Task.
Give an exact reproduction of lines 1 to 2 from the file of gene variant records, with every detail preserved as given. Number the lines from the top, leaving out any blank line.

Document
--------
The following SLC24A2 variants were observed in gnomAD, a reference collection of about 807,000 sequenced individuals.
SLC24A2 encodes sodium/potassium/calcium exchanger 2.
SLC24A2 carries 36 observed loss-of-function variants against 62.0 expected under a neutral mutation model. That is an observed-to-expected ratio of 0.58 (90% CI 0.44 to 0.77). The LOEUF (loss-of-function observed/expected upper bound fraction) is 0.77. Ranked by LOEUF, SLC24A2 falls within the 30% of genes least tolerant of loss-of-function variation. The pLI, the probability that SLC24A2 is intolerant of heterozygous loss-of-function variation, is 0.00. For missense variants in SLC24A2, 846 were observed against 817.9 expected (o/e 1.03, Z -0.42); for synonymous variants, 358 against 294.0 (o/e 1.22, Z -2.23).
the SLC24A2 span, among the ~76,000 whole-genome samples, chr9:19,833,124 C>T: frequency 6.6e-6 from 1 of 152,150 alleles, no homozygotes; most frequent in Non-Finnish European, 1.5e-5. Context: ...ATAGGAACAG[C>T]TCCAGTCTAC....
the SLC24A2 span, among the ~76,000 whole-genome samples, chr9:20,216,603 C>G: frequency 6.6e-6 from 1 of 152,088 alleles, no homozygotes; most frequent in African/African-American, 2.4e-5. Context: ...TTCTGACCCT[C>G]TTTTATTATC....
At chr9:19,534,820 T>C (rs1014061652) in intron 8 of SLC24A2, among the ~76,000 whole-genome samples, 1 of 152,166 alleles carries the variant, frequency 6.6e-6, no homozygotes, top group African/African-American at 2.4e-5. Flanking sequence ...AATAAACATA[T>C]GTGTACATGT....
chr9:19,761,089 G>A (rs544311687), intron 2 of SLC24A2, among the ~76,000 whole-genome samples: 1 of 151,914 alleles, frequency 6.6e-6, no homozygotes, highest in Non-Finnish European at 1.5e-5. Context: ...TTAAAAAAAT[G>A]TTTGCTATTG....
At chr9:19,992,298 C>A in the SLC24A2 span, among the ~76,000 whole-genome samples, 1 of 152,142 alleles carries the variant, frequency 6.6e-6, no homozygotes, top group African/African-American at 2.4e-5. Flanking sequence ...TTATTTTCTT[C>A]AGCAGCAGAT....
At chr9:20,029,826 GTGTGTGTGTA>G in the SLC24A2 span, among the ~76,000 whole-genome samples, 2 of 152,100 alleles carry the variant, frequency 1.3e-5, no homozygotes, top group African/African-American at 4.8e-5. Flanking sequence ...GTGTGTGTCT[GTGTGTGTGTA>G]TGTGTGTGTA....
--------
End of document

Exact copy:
The following SLC24A2 variants were observed in gnomAD, a reference collection of about 807,000 sequenced individuals.
SLC24A2 encodes sodium/potassium/calcium exchanger 2.